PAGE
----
Microsoft plans to reveal more details about its forthcoming Longhorn OS upgrade during its Professional Developers Conference (PDC) next month – but will keep details of its seemingly Apple-inspired user interface (Aero) secret.
Aero may get some attention during chief software architect Bill Gates' opening keynote speech, but isn't finished yet and is unlikely to appear in a pre-beta iteration of Longhorn that's to be given to developers attending the event, sources said.
Video footage leaked in May 2003 clearly showed an OS X-like genie effect, in which a window would ripple in a curtain-closing-like effect across the screen as it closed.
Attendees will learn more about Avalon, the OS engine that underpins Longhorn's UI. Microsoft calls it: "A brand new client platform for building smart, connected, media-rich applications in Longhorn." Developers at the show will be told how to take advantage of Avalon in their applications.
Avalon means the next Windows OS will support new styles of user interfaces and elements. Developers will be able to create Windows client applications that use the type of navigation features found on the Web to browse information, reflecting Apple's move to a more user-centric Finder in OS X.
Yukon find it
WinFS (Windows Future Storage, code-name Yukon) will be discussed. This is a service that sits on top of the existing Windows file system and is meant to make it simpler and more intuitive for users to find files on computers running Longhorn.
Microsoft describes WinFS as an: "Entirely new user experience and model around the storage of user's data." For example, Outlook address book data today is restricted to that email client. With WinFS, that data could be made available to all applications on a PC. Mac OS X already integrates an Address Book feature, which shares its data with enabled applications.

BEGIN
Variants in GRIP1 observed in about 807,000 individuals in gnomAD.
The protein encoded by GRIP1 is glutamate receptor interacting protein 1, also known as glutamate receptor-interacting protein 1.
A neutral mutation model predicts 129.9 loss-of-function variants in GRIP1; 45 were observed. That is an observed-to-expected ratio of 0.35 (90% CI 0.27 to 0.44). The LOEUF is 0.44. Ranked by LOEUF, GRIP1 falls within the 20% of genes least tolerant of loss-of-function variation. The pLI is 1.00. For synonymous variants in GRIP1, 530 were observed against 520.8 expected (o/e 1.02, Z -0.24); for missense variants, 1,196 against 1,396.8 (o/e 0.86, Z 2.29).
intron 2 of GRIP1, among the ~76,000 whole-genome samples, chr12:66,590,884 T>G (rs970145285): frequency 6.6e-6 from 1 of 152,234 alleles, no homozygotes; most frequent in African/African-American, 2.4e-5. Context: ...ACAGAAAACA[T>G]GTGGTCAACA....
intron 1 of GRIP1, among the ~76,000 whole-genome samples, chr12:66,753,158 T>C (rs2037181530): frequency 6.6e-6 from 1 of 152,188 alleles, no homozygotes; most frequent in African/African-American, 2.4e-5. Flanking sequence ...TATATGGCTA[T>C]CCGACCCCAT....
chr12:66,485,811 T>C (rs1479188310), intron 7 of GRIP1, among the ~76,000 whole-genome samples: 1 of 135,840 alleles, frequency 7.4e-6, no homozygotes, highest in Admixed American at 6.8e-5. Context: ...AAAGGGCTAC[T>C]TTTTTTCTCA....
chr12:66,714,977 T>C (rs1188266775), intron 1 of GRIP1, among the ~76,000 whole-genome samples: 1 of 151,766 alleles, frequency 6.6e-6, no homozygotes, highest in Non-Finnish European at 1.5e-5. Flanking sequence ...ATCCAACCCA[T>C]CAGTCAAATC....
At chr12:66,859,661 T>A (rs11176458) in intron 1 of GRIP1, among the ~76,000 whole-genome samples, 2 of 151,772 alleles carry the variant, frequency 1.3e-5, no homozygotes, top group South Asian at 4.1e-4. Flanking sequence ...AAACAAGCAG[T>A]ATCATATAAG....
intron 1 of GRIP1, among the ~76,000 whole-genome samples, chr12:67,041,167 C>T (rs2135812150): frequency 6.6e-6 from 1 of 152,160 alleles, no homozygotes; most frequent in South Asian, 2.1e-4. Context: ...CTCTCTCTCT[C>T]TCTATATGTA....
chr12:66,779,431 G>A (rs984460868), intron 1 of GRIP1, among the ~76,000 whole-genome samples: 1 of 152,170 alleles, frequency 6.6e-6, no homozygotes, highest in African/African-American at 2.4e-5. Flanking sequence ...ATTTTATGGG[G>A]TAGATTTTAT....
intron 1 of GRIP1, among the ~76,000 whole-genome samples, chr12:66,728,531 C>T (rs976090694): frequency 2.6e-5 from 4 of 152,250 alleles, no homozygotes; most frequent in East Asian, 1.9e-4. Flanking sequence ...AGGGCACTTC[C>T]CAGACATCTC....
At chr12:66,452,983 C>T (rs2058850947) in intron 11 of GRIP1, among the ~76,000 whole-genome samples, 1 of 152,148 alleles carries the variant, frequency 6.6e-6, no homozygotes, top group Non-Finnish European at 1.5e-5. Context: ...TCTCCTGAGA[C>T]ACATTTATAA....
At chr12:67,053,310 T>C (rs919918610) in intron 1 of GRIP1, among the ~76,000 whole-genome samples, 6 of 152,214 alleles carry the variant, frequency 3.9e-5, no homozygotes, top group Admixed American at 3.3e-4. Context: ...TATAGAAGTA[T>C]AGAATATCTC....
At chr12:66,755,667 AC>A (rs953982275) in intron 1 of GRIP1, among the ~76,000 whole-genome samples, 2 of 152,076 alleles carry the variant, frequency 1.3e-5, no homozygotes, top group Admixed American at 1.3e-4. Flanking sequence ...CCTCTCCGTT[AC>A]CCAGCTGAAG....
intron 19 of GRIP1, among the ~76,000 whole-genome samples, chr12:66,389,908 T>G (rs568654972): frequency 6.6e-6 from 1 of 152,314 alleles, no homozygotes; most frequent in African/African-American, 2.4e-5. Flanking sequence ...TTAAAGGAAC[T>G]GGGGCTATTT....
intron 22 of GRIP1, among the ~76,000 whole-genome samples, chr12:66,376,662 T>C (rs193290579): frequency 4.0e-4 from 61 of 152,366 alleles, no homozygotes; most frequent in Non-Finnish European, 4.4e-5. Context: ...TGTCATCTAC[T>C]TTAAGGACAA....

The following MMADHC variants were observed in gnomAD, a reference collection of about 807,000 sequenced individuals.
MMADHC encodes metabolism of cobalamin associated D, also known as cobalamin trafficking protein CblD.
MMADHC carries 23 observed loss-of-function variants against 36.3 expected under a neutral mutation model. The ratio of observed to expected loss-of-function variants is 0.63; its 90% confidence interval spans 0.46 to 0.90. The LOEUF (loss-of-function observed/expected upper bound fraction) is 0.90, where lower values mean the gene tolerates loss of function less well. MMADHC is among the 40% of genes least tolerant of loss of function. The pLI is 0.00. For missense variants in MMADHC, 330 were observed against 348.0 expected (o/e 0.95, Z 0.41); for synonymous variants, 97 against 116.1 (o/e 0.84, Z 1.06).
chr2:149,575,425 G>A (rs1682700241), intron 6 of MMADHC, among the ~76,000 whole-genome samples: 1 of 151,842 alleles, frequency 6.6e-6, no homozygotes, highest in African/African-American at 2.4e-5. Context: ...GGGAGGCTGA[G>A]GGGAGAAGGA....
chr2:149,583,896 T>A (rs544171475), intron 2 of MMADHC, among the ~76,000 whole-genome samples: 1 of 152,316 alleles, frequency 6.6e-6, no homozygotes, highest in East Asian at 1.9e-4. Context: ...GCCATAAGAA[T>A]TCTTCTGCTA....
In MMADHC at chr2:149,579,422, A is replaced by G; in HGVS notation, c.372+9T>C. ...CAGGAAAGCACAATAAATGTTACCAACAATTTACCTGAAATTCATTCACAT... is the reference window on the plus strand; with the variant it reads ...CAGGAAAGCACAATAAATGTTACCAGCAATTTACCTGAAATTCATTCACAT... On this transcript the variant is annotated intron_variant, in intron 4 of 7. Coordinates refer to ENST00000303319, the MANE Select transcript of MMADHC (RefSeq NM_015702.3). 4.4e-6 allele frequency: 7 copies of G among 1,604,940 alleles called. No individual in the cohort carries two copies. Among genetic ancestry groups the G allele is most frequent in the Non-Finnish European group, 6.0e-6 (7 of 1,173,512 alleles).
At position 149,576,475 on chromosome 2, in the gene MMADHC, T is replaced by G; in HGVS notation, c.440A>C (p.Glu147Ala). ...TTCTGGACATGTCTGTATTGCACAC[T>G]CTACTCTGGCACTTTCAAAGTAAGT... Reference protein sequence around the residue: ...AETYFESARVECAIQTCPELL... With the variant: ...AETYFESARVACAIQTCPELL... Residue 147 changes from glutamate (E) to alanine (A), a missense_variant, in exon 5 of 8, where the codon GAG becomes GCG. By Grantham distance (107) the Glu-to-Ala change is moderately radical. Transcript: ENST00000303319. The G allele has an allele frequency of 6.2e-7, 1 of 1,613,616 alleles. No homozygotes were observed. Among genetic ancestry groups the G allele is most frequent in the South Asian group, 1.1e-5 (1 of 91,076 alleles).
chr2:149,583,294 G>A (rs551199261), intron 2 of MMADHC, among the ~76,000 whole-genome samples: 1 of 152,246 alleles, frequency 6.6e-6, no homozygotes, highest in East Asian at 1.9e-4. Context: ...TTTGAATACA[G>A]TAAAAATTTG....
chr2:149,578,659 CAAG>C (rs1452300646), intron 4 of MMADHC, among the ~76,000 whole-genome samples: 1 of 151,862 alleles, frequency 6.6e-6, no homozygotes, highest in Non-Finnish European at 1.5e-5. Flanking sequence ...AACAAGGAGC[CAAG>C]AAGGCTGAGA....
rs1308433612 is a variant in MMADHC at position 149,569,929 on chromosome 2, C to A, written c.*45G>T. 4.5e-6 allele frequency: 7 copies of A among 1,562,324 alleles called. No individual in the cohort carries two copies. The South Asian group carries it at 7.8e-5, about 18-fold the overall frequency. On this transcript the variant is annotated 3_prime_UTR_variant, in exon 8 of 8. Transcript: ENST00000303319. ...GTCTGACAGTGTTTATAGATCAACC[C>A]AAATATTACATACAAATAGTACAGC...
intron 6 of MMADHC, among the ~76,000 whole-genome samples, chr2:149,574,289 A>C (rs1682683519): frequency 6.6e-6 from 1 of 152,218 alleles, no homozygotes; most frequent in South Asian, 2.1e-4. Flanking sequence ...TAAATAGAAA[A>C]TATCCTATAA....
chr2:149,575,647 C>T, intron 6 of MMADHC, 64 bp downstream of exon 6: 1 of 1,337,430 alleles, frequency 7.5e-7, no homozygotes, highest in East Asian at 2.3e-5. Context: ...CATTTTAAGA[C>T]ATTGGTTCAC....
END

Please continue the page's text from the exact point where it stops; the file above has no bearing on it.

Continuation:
WinFS will require that applications be rewritten to exploit such capabilities. Microsoft plans to release application upgrades when Longhorn ships.
Much work remains to be done on WinFS. It works, and developers can start developing applications for it, but it is slow, fragile and many features are missing, a source familiar with the development said.
Microsoft is working hard to finish the PDC version of Longhorn. The goal is to meet "zero bug bounce," a stage where development catches up to testing and there are no active bugs, at least for the moment. The operating system will be "about half done" when the PDC rolls around, the source said. A Longhorn beta is planned for 2004.
Gates has called Longhorn "a big bet" for Microsoft, warning its release to be "a bit scary" because Microsoft is making fundamental changes to its OS.
The PDC promises a feast of code names: including Longhorn, Aero, Avalon and Yukon. Other code-named products and technologies on the agenda are Indigo and Whidbey.
Indigo is Microsoft's new framework and programming model for building connected applications and Web services. Whidbey is the next version of Microsoft's developer tool, Visual Studio .Net.
The company’s secrecy around many of the PDC topics has helped build expectations for a show packed with new technology.
PDC will also almost certainly fan the flames of speculation about Longhorn's release. Sources claim Microsoft has set August 15, 2005, as an internal due date. However, last July Gates and Microsoft CEO Steve Ballmer declined to comment on a date.
PDC runs from October 26-30.